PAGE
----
During those years, Leavey continued to check in on Rex, never once giving up on her partner. When her adoption petition was finally granted, the reunion was filled with emotion. "Once I took the leash," Leavey said, "it was like no time had passed." Rex retired on his terms, barking heartily throughout his ceremony. The pair only had eight months together before then 10-year-old Rex passed away, "but," said Leavey, "it was worth everything." Their story was made into a movie and continues to remind all of us about our own abilities to adapt and overcome in any circumstance.

Data Ethics and You

The coronavirus pandemic brought responsible data sharing, including increased attention on the trustworthiness of data, to everyone's mind. Natalie Evans Harris, senior advisor to secretary of commerce and 16-year veteran of the National Security Agency, was on hand to discuss responsible data-sharing in this context with Connect attendees. "Now, more than ever, the need for responsible data-sharing is critical," Harris said. "We are used to telling people that we can either share data rapidly or responsibly. COVID-19 is forcing us to figure out how we can share data rapidly and responsibly."

Natalie Evans Harris
Natalie Evans Harris, Senior Advisor to Secretary of Commerce

In discussing responsible data-sharing during — and after — a pandemic, Harris asked attendees to keep two key questions in mind:

  1. What role does government serve in ensuring equity of opportunities five to 10 years from now?
  2. What is the relationship between data, digital technology, and societal outcomes?

Harris suggested attendees to first consider their data capacity as a byproduct of their technology before diving into sharing-data for social good and delivering digital services. "We have to ask ourselves questions," she said, "like what is the data we are collecting, and how are we collecting it? Who has access to it, and what are those processes? And, really important, what is the privacy and ethics behind the data that we're capturing?"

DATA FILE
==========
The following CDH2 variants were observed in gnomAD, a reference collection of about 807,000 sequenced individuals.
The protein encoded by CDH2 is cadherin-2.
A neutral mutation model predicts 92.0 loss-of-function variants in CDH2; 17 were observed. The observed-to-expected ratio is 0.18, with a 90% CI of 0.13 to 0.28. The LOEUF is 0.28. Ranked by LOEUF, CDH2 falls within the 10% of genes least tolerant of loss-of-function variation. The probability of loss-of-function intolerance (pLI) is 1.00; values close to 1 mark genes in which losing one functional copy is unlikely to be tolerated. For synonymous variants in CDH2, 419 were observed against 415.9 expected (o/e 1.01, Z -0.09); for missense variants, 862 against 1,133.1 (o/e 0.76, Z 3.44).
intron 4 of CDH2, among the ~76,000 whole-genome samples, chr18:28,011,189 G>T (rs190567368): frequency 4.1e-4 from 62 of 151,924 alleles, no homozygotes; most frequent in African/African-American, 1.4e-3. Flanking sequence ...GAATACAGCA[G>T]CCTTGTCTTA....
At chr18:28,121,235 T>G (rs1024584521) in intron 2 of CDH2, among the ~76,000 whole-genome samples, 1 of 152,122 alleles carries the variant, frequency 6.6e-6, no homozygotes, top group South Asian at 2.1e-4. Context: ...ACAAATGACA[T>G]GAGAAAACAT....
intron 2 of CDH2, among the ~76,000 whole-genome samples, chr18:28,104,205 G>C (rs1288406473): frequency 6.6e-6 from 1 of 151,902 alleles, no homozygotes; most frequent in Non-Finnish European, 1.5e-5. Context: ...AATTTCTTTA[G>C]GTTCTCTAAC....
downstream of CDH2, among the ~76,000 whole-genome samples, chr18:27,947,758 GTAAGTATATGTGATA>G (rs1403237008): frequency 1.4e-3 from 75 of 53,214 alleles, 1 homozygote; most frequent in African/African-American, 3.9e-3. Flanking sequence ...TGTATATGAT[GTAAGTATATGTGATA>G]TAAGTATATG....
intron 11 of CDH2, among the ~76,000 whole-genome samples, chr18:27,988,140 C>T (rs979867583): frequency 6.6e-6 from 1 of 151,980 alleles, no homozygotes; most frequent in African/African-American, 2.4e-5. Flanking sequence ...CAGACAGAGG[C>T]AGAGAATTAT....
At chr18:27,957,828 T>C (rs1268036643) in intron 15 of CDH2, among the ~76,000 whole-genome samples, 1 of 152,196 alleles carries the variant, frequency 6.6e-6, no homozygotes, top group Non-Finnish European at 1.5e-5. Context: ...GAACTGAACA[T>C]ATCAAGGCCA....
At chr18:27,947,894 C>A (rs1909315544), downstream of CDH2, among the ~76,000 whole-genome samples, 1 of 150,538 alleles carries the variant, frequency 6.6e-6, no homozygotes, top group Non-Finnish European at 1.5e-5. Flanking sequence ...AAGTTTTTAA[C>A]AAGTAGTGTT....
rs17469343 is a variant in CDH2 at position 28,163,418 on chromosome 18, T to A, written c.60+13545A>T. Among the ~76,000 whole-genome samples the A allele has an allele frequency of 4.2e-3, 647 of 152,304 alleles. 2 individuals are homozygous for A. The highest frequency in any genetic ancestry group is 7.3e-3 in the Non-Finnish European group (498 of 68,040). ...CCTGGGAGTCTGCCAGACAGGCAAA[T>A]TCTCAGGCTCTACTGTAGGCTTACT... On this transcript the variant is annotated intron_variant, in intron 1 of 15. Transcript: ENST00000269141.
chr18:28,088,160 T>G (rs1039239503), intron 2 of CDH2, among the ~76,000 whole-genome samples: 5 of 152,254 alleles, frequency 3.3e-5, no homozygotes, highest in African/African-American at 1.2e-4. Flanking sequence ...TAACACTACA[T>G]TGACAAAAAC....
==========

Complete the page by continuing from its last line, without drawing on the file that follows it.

Data-sharing best practices in "normal times" includes identifying use cases and establishing a robust data governance. In our new context, Harris suggested the following three approaches:

  1. Use what you have. Leverage existing data-sharing capacities and prepare now for the next time data-sharing quickly becomes critical.
  2. Work with others. Increase capacity by collaborating with private sector and volunteer agencies to develop solutions for improved response capabilities.
  3. Put it out there. Get the data out there for the ecosystem to thrive, putting it into machine-readable format and ensuring HIPPA compliance.

Harris recommend attendees assess their organizational culture around data use, including considering policies and technical standards for sharing. She acknowledged that it requires legwork to institutionalize a data culture, but that Connect attendees are not alone in this endeavor. "The future of data-sharing," Harris noted, "is really about creating the conditions for community resiliency."